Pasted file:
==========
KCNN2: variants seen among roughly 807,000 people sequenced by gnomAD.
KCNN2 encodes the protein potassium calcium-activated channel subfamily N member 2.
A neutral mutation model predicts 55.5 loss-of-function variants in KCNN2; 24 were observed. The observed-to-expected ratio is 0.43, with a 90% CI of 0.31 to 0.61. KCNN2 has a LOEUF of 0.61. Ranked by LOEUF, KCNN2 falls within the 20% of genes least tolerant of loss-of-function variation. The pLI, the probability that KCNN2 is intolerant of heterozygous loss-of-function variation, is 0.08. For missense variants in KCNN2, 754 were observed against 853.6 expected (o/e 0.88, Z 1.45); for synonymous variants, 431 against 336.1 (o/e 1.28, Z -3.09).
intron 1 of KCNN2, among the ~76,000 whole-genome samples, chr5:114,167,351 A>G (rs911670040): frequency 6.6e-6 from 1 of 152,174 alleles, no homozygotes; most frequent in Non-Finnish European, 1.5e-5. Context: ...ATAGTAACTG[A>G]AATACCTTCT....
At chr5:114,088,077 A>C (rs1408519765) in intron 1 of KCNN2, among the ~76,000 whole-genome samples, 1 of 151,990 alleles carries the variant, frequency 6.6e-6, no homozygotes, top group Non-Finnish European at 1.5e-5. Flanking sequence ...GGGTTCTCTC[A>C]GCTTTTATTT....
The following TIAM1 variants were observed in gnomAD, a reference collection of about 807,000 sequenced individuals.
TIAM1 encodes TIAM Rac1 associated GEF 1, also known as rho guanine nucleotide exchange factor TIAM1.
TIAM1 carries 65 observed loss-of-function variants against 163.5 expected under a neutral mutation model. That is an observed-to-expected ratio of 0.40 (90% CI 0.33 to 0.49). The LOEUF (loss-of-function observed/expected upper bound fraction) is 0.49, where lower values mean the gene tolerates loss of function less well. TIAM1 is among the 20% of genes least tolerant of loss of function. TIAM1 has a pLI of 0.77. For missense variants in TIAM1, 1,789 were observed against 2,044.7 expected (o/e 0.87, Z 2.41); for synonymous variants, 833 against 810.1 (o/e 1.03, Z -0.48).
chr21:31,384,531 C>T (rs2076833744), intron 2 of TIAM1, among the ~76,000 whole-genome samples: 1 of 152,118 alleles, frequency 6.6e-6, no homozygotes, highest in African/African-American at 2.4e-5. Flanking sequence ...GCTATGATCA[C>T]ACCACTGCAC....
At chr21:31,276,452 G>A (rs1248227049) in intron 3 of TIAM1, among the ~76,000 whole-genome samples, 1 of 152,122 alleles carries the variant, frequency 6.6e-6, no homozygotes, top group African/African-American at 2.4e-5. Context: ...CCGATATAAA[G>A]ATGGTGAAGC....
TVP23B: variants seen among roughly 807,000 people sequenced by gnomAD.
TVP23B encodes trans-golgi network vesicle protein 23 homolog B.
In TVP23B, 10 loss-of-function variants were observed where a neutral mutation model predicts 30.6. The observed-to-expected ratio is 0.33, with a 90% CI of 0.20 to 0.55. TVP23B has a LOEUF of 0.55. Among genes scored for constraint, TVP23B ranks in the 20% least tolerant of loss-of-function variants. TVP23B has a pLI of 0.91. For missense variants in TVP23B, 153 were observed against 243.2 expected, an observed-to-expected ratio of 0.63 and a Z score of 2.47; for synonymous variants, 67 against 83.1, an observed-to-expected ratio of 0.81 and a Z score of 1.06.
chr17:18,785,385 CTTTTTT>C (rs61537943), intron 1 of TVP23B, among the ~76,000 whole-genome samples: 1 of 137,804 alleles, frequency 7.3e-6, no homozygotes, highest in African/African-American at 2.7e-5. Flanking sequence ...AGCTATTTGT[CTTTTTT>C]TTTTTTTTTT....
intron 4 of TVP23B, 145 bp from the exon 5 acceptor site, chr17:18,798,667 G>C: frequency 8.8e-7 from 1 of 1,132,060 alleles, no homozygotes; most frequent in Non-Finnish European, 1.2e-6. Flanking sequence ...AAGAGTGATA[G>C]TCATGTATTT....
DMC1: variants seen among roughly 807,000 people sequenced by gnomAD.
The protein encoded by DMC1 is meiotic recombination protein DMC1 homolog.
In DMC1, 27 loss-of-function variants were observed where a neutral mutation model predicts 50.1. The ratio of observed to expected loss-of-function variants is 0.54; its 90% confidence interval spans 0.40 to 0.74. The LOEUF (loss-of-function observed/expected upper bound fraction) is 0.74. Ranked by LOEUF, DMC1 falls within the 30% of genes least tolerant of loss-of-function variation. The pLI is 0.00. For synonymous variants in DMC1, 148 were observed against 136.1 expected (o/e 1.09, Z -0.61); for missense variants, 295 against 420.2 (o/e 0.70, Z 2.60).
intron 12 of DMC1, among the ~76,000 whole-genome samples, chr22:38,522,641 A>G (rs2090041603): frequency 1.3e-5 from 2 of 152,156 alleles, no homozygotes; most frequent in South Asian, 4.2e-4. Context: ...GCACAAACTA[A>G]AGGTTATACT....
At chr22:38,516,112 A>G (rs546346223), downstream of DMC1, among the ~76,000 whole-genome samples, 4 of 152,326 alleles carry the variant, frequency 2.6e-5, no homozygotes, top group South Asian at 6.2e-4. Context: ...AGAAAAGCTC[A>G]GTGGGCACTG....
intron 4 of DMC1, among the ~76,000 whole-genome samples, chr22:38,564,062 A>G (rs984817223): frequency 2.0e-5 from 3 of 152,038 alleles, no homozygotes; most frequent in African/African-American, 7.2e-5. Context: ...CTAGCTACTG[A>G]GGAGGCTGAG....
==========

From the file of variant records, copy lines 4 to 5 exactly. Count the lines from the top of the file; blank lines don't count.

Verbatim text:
intron 1 of KCNN2, among the ~76,000 whole-genome samples, chr5:114,167,351 A>G (rs911670040): frequency 6.6e-6 from 1 of 152,174 alleles, no homozygotes; most frequent in Non-Finnish European, 1.5e-5. Context: ...ATAGTAACTG[A>G]AATACCTTCT....
At chr5:114,088,077 A>C (rs1408519765) in intron 1 of KCNN2, among the ~76,000 whole-genome samples, 1 of 151,990 alleles carries the variant, frequency 6.6e-6, no homozygotes, top group Non-Finnish European at 1.5e-5. Flanking sequence ...GGGTTCTCTC[A>C]GCTTTTATTT....